Stocks of the largest companies boomed last year with the S&P 500 posting a 19% return versus just 12.5% for small cap peers in the Russell 2000 Index.
Small cap stocks are reasserting their leadership though, and data points to a very good outlook for companies in the Russell 2000.
The index of companies with market cap under $5 billion has climbed 10.7% so far in 2018 versus just 6.5% for their large cap peers.
Three tailwinds should support that outperformance for the foreseeable future and drive profits in the small cap universe.
Small Cap Companies Benefit From Economic And Geopolitical Tailwinds
Last year’s outperformance by large cap stocks may not have been all it appeared. Earnings growth was boosted by stock buybacks rather than sales growth and just a handful of massive companies drove the majority of index gains.
Apple, Alphabet, Amazon and Facebook alone make up nearly 10% of the S&P 500 by weight and averaged a 49% return, dragging the rest of the index higher.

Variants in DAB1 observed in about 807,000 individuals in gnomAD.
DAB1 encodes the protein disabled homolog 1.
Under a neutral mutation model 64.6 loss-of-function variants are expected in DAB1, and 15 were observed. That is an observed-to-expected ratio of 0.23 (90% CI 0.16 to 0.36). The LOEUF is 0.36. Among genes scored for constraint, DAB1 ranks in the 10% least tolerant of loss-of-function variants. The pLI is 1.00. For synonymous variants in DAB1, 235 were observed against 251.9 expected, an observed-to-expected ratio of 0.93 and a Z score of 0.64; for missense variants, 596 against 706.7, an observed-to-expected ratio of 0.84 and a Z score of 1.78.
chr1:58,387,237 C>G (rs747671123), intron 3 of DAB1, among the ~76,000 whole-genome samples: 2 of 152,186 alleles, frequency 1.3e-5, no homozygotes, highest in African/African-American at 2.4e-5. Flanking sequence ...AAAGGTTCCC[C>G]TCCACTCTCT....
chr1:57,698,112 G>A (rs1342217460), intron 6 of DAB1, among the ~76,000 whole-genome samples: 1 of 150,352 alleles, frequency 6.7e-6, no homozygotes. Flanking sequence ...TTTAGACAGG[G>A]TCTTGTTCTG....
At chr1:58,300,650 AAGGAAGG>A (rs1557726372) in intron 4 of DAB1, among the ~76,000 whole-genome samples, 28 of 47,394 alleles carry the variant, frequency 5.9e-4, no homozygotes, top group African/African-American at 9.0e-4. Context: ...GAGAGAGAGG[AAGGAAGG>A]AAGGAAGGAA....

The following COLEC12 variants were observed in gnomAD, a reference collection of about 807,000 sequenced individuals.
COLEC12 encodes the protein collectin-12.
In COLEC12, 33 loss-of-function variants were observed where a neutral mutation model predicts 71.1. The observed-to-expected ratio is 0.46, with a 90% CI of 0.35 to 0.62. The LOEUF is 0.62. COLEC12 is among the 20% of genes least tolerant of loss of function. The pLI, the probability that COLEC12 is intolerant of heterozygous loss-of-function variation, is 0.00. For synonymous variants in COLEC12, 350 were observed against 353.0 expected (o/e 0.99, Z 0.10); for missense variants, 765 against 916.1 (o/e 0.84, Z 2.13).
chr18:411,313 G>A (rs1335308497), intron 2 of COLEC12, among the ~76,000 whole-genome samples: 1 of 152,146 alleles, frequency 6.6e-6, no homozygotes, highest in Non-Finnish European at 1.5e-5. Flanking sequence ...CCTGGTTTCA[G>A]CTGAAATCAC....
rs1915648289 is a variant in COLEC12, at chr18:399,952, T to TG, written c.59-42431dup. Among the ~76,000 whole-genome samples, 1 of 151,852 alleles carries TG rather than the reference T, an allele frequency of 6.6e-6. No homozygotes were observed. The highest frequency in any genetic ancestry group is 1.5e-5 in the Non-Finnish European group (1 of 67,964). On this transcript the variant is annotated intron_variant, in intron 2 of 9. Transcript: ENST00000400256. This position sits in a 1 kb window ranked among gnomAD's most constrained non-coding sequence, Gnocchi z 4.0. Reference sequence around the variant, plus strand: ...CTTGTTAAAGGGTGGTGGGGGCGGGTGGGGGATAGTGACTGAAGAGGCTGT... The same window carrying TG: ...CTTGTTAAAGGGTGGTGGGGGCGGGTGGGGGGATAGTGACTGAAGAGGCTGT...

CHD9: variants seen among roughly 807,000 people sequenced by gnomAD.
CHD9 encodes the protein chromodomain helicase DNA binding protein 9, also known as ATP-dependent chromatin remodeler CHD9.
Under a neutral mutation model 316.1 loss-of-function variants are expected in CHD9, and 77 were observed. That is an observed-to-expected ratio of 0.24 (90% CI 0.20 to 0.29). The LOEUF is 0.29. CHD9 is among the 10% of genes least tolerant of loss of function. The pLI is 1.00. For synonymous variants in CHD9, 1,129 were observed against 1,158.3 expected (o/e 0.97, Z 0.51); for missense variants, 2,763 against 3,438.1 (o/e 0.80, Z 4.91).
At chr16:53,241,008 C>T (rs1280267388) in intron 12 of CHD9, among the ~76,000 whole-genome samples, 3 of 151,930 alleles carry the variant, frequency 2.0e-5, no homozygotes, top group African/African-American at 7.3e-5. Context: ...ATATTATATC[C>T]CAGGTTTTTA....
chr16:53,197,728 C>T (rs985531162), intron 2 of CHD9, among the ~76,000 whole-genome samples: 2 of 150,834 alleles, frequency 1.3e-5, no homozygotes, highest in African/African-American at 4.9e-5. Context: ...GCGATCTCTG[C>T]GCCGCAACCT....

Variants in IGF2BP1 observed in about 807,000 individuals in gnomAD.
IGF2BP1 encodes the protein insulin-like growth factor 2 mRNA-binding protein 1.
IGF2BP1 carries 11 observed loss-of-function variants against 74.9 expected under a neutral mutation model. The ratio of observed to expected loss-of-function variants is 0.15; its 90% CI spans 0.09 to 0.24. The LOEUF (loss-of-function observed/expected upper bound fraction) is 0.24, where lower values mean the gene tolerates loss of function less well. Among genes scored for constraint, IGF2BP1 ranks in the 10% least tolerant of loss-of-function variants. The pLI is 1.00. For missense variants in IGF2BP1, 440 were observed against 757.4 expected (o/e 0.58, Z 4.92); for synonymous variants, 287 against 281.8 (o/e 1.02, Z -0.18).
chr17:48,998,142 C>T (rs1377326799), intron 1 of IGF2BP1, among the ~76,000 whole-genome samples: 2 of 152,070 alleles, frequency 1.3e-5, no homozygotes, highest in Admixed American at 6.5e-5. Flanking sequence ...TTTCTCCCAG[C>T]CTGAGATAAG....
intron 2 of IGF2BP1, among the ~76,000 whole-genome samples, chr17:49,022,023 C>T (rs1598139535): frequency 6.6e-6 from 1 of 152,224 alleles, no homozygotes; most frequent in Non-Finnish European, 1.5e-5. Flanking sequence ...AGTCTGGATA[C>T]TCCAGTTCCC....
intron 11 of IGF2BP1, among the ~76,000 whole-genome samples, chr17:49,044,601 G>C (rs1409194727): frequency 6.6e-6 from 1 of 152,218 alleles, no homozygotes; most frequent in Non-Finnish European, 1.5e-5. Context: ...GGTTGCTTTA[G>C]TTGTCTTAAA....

By comparison, tailwinds to the universe of small cap stocks is broad based and could mean the group continues to shoot higher this year and into 2019.
Smaller companies with predominantly U.S.-based supply chains and domestic sales face less risk in an escalating trade war. The public comment period has ended on a proposed tariff of 25% on up to $200 billion of Chinese imports and President Trump could announce the new restrictions any day.
The U.S. and China have already gone tit-for-tat with tariffs on $50 billion in goods and China has vowed to retaliate against any new measures. While a trade deal with Mexico looks to be inked by year-end, tensions are still running high with Canada and the European Union.